Jeff wants the chickens both because he's hungry and because he thinks it will shut Mike up for a while.
"I want a chicken so bad," Jeff says. "For one reason, so Mike will stop fishing and walking around her flexing his arms. I want a chicken!"
The challenge itself takes place on a beautiful cliff next to a waterfall. It's a large-scale version of those little sliding puzzles in which you push some tiles around on a four-by-four grid to make a picture.
The picture here is a map that tells the winning tribe where the chickens are.
Neither group seems up to the challenge, but Ogakor, particularly, seems unable to work together at all.
Jerri has a frustrated look on her face.
Kucha wins easily. They go merrily scampering off to get their chickens.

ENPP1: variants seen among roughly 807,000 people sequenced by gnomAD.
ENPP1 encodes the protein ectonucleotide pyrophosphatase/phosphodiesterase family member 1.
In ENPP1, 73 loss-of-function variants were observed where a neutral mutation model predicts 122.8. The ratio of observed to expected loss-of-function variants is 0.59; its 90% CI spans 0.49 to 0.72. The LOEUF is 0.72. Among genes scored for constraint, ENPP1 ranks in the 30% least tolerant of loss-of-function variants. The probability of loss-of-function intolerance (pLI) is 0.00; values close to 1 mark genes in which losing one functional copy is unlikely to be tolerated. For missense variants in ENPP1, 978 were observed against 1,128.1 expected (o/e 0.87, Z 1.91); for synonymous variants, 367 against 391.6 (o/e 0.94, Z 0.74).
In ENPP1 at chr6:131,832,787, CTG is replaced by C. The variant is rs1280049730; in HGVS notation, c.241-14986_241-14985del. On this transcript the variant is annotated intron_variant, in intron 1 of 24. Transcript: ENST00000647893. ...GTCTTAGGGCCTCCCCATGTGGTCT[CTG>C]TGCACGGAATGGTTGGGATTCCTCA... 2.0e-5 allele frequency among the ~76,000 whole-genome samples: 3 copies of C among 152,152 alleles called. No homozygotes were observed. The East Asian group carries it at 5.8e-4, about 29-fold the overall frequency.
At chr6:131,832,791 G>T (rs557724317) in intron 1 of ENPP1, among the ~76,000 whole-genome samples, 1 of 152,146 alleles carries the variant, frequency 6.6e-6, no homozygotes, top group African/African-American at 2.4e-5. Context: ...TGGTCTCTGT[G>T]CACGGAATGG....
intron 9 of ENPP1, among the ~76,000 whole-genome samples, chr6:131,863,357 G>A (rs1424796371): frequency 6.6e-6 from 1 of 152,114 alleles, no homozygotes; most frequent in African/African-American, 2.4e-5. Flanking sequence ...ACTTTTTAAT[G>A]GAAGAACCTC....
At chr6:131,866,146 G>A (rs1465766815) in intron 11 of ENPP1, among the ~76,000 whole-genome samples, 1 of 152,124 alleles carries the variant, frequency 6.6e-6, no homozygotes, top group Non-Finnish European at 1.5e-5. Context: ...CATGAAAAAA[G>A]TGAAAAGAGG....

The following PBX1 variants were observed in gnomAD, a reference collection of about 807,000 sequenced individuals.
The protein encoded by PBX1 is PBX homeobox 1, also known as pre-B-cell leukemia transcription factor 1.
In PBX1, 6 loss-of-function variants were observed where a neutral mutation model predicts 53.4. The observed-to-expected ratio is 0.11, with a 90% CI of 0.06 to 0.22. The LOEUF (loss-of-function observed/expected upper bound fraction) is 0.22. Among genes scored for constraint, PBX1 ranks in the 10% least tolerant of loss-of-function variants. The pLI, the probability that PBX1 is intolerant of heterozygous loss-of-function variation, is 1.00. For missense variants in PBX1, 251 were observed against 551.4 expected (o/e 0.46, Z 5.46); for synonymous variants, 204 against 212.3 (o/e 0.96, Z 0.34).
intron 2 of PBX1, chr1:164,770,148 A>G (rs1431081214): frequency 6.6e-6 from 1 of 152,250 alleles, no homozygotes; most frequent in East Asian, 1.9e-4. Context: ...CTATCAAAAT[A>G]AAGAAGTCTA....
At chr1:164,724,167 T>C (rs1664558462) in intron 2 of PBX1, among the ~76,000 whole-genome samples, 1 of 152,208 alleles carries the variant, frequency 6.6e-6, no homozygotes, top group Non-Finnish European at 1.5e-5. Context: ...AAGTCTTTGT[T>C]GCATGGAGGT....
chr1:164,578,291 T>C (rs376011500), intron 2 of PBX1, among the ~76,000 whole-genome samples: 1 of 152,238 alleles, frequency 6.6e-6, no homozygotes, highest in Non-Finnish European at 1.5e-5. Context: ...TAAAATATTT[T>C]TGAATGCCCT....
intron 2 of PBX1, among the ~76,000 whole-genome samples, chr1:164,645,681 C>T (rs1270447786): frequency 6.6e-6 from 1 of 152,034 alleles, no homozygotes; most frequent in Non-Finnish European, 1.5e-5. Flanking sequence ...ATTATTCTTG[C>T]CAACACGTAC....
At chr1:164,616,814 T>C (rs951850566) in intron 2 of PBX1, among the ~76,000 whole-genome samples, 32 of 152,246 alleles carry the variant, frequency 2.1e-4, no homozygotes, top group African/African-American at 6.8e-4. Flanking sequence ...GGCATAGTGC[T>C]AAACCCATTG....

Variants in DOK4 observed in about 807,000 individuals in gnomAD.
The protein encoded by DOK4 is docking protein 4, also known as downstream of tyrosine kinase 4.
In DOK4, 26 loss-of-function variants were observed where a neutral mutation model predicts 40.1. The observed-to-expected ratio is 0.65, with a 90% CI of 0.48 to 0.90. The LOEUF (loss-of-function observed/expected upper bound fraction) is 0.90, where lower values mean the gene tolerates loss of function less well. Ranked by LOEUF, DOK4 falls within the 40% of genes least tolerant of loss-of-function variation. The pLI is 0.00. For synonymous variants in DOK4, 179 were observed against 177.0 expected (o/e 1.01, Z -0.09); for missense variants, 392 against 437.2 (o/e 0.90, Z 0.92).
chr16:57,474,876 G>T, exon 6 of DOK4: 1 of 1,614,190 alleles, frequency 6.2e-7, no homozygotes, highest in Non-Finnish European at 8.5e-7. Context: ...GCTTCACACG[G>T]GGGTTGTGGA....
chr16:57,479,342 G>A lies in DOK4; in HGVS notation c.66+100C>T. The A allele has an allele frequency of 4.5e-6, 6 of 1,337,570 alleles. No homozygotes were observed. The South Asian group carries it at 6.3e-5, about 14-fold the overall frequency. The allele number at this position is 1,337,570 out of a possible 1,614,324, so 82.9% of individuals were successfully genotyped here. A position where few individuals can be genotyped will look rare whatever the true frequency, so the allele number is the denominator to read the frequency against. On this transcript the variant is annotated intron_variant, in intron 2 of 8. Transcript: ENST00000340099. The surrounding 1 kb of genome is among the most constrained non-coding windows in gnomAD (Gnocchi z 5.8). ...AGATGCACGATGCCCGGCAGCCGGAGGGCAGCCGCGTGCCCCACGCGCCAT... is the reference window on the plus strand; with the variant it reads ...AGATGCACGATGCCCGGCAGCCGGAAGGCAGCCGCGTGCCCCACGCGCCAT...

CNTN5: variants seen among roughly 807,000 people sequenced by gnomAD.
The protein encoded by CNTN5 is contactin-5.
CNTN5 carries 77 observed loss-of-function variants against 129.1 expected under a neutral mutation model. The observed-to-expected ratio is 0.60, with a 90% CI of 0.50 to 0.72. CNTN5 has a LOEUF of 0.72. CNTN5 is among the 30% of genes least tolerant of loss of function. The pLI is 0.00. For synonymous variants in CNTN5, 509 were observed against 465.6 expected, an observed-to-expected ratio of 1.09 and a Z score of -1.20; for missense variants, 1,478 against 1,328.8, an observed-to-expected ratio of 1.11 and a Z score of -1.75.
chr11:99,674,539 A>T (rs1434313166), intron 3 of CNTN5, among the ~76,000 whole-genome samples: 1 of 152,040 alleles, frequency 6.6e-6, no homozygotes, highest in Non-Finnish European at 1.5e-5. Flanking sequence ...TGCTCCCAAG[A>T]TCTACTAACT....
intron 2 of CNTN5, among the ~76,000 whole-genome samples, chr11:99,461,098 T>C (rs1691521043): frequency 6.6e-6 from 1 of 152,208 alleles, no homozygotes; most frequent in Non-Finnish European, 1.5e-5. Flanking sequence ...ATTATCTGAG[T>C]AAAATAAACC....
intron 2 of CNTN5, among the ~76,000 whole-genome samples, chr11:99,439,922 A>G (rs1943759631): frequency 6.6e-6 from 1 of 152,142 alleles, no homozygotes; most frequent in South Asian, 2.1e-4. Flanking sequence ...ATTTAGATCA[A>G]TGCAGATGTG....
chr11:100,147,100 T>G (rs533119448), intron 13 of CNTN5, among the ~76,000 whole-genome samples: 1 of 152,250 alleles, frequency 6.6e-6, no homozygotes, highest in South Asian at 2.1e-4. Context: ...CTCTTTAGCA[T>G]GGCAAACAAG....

This is a cue for Kimmi, who vies with Jeff for the title of Most Annoying Kucha Member, to talk some more about being a vegetarian.
She starts crying when she sees the chickens crated up. "Can't they give us some tofu?" she says.
There's nothing wrong with vegetarianism, of course, but we can't help reflecting that one would have to be a complete moron to volunteer to be on a survival show and then expect to be served garden burgers.
Also, she's a bore, nattering on about her personal belief system to people who have bigger things to worry about, like starving.
And is she really more worried about the fate of the chickens than, say, the plight of the Aborigines?
She just won't shut up. Kimmi has the distinction of being, at that moment, the most frivolous, clueless person on an entire continent.
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Once the Kucha get back to camp, another debate ensues. Mike tells us that he wants the tribe to eat the chickens immediately, so his hunting skills will be at a premium again.
He gets a wild look in his eye and appears to want to start slaughtering the birds wholesale.
There are three chickens and one rooster. Nick specifically says Mike was going to kill the rooster.